Urban farm pilot program in the works to help Dallas homeless population

A pilot program is in the works to help more homeless people in Dallas.

The proposal would be an expansion to the already successful Bonton Farms in South Dallas.

The urban farm, which grows food and helps create jobs and housing, will now have a location on Greenville Avenue and 635.

The idea of Bonton Farms at Lake Highlands is to create a type of ecosystem where people experiencing homelessness can find stable housing and meaningful work on an urban farm.

Daron Babcock is the founder and director of Bonton Farms, an urban farm that works to grow lives as it grows vegetables.

When he opened in 2012, Babcock says the city wrote him up because he planted a garden and was selling vegetables, saying it was against an ordinance at the time. Since then, the city has changed its perspective.

“I'd like to see it on West Side as well,” said Jennifer Gates with the Dallas Council Economic Committee.

“Every part of the city of Dallas needs a site like this,” said committee member Tennel Atkins.

Bonton Farms in Southern Dallas has already proven its model is successful with its farm, market, cafe, coffee house and farmer's market.

“Eight years in, Bonton started serving men coming home from incarceration,” Babcock said. “In 8 years, we have not had a  single person re-offend. I think that speaks to effect strategy has on people we serve.”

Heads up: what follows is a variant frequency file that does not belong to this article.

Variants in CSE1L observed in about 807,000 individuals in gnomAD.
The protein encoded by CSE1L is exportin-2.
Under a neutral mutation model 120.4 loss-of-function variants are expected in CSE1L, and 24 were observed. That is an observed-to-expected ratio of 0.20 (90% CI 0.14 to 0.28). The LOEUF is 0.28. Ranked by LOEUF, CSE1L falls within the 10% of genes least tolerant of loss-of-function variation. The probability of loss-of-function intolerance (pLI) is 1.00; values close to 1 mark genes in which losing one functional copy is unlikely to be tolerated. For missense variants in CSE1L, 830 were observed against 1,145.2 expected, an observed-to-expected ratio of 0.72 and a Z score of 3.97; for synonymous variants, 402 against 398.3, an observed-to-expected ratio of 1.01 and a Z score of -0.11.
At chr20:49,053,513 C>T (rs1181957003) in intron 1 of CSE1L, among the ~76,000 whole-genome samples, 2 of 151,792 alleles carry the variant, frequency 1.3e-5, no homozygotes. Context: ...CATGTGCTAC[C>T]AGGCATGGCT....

Now, Babcock is looking to launch a second location that would also provide up to 120 tiny houses for people coming out of homelessness.  The location at Greenville Avenue and Interstate 635 is close to many homeless encampments now.

“Unlike most nonprofits, we create social enterprises that create revenue and jobs to make our work sustainable,” Babcock said.

Babcock left his home in a wealthy suburb to move to the impoverished Bonton neighborhood in 2012.

“Nine years ago, I had a George Floyd experience,” he said. “I got introduced to the Bonton neighborhood. I could not look the other way as if I hadn't seen what I had seen and remained ignorant to the suffering of my neighbors.”

The urban farm is now a model that attracts visitors from around the world.

“We know that makes a difference for people to move to self-sufficiency,” he said.

The Greenville Avenue location is currently owned by the city, and Bonton Farms would need to obtain the land through a land transfer agreement with the city. The full city council is expecting to consider it later this month. Community meetings will also be held to get feedback from neighbors.